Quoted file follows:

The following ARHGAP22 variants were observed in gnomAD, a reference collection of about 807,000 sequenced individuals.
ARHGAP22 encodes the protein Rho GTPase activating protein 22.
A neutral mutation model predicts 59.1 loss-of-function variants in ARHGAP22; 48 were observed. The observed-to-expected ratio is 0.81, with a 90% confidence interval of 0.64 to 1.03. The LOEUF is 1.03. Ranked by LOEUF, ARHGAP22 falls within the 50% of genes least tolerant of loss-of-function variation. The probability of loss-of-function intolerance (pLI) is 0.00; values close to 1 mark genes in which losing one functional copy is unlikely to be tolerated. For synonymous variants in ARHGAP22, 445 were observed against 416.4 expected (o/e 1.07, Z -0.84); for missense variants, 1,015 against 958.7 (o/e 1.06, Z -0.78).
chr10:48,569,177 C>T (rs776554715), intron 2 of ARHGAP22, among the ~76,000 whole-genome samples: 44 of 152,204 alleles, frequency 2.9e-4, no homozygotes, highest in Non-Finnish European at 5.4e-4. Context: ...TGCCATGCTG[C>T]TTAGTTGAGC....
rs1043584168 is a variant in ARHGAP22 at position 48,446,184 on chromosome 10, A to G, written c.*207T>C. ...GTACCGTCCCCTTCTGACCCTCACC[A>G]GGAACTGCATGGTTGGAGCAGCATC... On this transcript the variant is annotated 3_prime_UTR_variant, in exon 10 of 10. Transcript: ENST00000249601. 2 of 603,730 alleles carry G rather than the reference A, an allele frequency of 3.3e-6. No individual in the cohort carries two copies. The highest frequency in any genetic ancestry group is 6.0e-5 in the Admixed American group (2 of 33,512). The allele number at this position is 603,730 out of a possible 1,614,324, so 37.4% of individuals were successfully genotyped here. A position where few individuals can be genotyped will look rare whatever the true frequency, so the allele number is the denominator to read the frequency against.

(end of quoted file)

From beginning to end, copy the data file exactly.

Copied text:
The following ARHGAP22 variants were observed in gnomAD, a reference collection of about 807,000 sequenced individuals.
ARHGAP22 encodes the protein Rho GTPase activating protein 22.
A neutral mutation model predicts 59.1 loss-of-function variants in ARHGAP22; 48 were observed. The observed-to-expected ratio is 0.81, with a 90% confidence interval of 0.64 to 1.03. The LOEUF is 1.03. Ranked by LOEUF, ARHGAP22 falls within the 50% of genes least tolerant of loss-of-function variation. The probability of loss-of-function intolerance (pLI) is 0.00; values close to 1 mark genes in which losing one functional copy is unlikely to be tolerated. For synonymous variants in ARHGAP22, 445 were observed against 416.4 expected (o/e 1.07, Z -0.84); for missense variants, 1,015 against 958.7 (o/e 1.06, Z -0.78).
chr10:48,569,177 C>T (rs776554715), intron 2 of ARHGAP22, among the ~76,000 whole-genome samples: 44 of 152,204 alleles, frequency 2.9e-4, no homozygotes, highest in Non-Finnish European at 5.4e-4. Context: ...TGCCATGCTG[C>T]TTAGTTGAGC....
rs1043584168 is a variant in ARHGAP22 at position 48,446,184 on chromosome 10, A to G, written c.*207T>C. ...GTACCGTCCCCTTCTGACCCTCACC[A>G]GGAACTGCATGGTTGGAGCAGCATC... On this transcript the variant is annotated 3_prime_UTR_variant, in exon 10 of 10. Transcript: ENST00000249601. 2 of 603,730 alleles carry G rather than the reference A, an allele frequency of 3.3e-6. No individual in the cohort carries two copies. The highest frequency in any genetic ancestry group is 6.0e-5 in the Admixed American group (2 of 33,512). The allele number at this position is 603,730 out of a possible 1,614,324, so 37.4% of individuals were successfully genotyped here. A position where few individuals can be genotyped will look rare whatever the true frequency, so the allele number is the denominator to read the frequency against.